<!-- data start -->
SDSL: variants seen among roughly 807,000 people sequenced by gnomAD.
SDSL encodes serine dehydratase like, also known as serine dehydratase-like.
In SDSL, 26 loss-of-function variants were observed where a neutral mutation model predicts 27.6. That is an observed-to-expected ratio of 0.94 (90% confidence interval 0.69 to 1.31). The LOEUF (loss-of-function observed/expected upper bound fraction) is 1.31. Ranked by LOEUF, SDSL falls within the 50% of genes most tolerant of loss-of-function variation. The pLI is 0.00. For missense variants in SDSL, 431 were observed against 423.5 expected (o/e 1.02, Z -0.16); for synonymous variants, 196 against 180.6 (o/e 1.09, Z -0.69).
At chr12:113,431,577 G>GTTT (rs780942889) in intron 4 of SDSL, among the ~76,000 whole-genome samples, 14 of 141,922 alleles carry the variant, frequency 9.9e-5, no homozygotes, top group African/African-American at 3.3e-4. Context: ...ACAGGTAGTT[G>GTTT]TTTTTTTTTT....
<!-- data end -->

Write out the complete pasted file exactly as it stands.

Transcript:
SDSL: variants seen among roughly 807,000 people sequenced by gnomAD.
SDSL encodes serine dehydratase like, also known as serine dehydratase-like.
In SDSL, 26 loss-of-function variants were observed where a neutral mutation model predicts 27.6. That is an observed-to-expected ratio of 0.94 (90% confidence interval 0.69 to 1.31). The LOEUF (loss-of-function observed/expected upper bound fraction) is 1.31. Ranked by LOEUF, SDSL falls within the 50% of genes most tolerant of loss-of-function variation. The pLI is 0.00. For missense variants in SDSL, 431 were observed against 423.5 expected (o/e 1.02, Z -0.16); for synonymous variants, 196 against 180.6 (o/e 1.09, Z -0.69).
At chr12:113,431,577 G>GTTT (rs780942889) in intron 4 of SDSL, among the ~76,000 whole-genome samples, 14 of 141,922 alleles carry the variant, frequency 9.9e-5, no homozygotes, top group African/African-American at 3.3e-4. Context: ...ACAGGTAGTT[G>GTTT]TTTTTTTTTT....